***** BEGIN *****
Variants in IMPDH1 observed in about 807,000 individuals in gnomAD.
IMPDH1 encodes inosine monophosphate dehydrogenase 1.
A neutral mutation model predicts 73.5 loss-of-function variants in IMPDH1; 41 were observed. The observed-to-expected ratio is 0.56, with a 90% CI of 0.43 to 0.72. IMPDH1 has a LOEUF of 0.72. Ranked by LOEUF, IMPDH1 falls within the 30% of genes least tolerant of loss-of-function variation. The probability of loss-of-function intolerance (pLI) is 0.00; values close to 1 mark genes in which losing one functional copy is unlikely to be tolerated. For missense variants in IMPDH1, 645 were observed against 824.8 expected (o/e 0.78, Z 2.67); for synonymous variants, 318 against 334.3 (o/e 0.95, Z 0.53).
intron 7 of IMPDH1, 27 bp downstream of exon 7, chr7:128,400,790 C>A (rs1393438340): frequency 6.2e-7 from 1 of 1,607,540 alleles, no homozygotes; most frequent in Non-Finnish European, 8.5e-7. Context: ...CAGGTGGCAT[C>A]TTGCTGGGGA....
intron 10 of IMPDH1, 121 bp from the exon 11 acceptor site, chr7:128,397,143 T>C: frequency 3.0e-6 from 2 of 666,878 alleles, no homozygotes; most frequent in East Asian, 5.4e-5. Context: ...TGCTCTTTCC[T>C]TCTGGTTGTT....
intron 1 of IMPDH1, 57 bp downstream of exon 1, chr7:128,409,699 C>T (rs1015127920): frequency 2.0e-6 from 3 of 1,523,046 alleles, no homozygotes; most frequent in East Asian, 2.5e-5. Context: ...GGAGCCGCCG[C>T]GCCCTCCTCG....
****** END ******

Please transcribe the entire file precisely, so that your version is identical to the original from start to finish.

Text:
Variants in IMPDH1 observed in about 807,000 individuals in gnomAD.
IMPDH1 encodes inosine monophosphate dehydrogenase 1.
A neutral mutation model predicts 73.5 loss-of-function variants in IMPDH1; 41 were observed. The observed-to-expected ratio is 0.56, with a 90% CI of 0.43 to 0.72. IMPDH1 has a LOEUF of 0.72. Ranked by LOEUF, IMPDH1 falls within the 30% of genes least tolerant of loss-of-function variation. The probability of loss-of-function intolerance (pLI) is 0.00; values close to 1 mark genes in which losing one functional copy is unlikely to be tolerated. For missense variants in IMPDH1, 645 were observed against 824.8 expected (o/e 0.78, Z 2.67); for synonymous variants, 318 against 334.3 (o/e 0.95, Z 0.53).
intron 7 of IMPDH1, 27 bp downstream of exon 7, chr7:128,400,790 C>A (rs1393438340): frequency 6.2e-7 from 1 of 1,607,540 alleles, no homozygotes; most frequent in Non-Finnish European, 8.5e-7. Context: ...CAGGTGGCAT[C>A]TTGCTGGGGA....
intron 10 of IMPDH1, 121 bp from the exon 11 acceptor site, chr7:128,397,143 T>C: frequency 3.0e-6 from 2 of 666,878 alleles, no homozygotes; most frequent in East Asian, 5.4e-5. Context: ...TGCTCTTTCC[T>C]TCTGGTTGTT....
intron 1 of IMPDH1, 57 bp downstream of exon 1, chr7:128,409,699 C>T (rs1015127920): frequency 2.0e-6 from 3 of 1,523,046 alleles, no homozygotes; most frequent in East Asian, 2.5e-5. Context: ...GGAGCCGCCG[C>T]GCCCTCCTCG....